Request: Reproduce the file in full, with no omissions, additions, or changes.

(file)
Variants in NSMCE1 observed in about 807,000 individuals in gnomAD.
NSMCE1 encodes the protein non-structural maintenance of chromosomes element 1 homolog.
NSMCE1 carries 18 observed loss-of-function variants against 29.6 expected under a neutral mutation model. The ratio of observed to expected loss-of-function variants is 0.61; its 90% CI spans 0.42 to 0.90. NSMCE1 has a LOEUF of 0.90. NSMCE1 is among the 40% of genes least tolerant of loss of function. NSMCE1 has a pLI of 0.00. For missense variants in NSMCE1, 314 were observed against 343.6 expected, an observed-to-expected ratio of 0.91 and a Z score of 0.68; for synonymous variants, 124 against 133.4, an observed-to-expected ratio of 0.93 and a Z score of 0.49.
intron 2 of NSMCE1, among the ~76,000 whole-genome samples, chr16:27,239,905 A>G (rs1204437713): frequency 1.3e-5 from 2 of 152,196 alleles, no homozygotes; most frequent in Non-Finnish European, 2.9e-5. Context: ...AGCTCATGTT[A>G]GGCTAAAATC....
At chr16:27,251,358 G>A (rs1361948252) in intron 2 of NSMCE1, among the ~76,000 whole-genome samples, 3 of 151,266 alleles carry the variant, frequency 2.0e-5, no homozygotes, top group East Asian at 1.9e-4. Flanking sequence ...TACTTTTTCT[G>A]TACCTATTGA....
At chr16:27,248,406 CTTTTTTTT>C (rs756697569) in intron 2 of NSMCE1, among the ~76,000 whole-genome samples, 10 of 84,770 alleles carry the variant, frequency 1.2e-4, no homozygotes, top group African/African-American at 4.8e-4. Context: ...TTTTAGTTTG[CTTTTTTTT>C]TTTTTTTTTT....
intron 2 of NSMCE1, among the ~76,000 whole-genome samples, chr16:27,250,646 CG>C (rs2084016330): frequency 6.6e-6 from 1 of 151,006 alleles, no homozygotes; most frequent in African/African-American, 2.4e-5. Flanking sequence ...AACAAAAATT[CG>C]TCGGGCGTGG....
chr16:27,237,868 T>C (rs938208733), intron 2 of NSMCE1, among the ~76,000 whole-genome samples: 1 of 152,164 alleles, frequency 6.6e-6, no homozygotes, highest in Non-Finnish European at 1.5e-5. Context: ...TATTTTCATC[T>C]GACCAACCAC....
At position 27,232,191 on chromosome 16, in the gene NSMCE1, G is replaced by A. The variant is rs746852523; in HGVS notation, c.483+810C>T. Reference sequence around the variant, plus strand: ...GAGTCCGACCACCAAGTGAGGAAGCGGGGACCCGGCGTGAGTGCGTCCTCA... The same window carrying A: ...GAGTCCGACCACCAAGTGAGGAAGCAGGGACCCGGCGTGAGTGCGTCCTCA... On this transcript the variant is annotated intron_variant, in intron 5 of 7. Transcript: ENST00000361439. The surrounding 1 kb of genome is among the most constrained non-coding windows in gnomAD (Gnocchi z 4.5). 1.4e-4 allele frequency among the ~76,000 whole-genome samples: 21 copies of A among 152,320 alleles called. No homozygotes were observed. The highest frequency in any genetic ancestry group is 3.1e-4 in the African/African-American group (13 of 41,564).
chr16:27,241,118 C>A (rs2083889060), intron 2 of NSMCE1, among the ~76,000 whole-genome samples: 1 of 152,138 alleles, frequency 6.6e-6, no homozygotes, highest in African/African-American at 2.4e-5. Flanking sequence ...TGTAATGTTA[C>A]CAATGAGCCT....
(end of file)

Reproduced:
Variants in NSMCE1 observed in about 807,000 individuals in gnomAD.
NSMCE1 encodes the protein non-structural maintenance of chromosomes element 1 homolog.
NSMCE1 carries 18 observed loss-of-function variants against 29.6 expected under a neutral mutation model. The ratio of observed to expected loss-of-function variants is 0.61; its 90% CI spans 0.42 to 0.90. NSMCE1 has a LOEUF of 0.90. NSMCE1 is among the 40% of genes least tolerant of loss of function. NSMCE1 has a pLI of 0.00. For missense variants in NSMCE1, 314 were observed against 343.6 expected, an observed-to-expected ratio of 0.91 and a Z score of 0.68; for synonymous variants, 124 against 133.4, an observed-to-expected ratio of 0.93 and a Z score of 0.49.
intron 2 of NSMCE1, among the ~76,000 whole-genome samples, chr16:27,239,905 A>G (rs1204437713): frequency 1.3e-5 from 2 of 152,196 alleles, no homozygotes; most frequent in Non-Finnish European, 2.9e-5. Context: ...AGCTCATGTT[A>G]GGCTAAAATC....
At chr16:27,251,358 G>A (rs1361948252) in intron 2 of NSMCE1, among the ~76,000 whole-genome samples, 3 of 151,266 alleles carry the variant, frequency 2.0e-5, no homozygotes, top group East Asian at 1.9e-4. Flanking sequence ...TACTTTTTCT[G>A]TACCTATTGA....
At chr16:27,248,406 CTTTTTTTT>C (rs756697569) in intron 2 of NSMCE1, among the ~76,000 whole-genome samples, 10 of 84,770 alleles carry the variant, frequency 1.2e-4, no homozygotes, top group African/African-American at 4.8e-4. Context: ...TTTTAGTTTG[CTTTTTTTT>C]TTTTTTTTTT....
intron 2 of NSMCE1, among the ~76,000 whole-genome samples, chr16:27,250,646 CG>C (rs2084016330): frequency 6.6e-6 from 1 of 151,006 alleles, no homozygotes; most frequent in African/African-American, 2.4e-5. Flanking sequence ...AACAAAAATT[CG>C]TCGGGCGTGG....
chr16:27,237,868 T>C (rs938208733), intron 2 of NSMCE1, among the ~76,000 whole-genome samples: 1 of 152,164 alleles, frequency 6.6e-6, no homozygotes, highest in Non-Finnish European at 1.5e-5. Context: ...TATTTTCATC[T>C]GACCAACCAC....
At position 27,232,191 on chromosome 16, in the gene NSMCE1, G is replaced by A. The variant is rs746852523; in HGVS notation, c.483+810C>T. Reference sequence around the variant, plus strand: ...GAGTCCGACCACCAAGTGAGGAAGCGGGGACCCGGCGTGAGTGCGTCCTCA... The same window carrying A: ...GAGTCCGACCACCAAGTGAGGAAGCAGGGACCCGGCGTGAGTGCGTCCTCA... On this transcript the variant is annotated intron_variant, in intron 5 of 7. Transcript: ENST00000361439. The surrounding 1 kb of genome is among the most constrained non-coding windows in gnomAD (Gnocchi z 4.5). 1.4e-4 allele frequency among the ~76,000 whole-genome samples: 21 copies of A among 152,320 alleles called. No homozygotes were observed. The highest frequency in any genetic ancestry group is 3.1e-4 in the African/African-American group (13 of 41,564).
chr16:27,241,118 C>A (rs2083889060), intron 2 of NSMCE1, among the ~76,000 whole-genome samples: 1 of 152,138 alleles, frequency 6.6e-6, no homozygotes, highest in African/African-American at 2.4e-5. Flanking sequence ...TGTAATGTTA[C>A]CAATGAGCCT....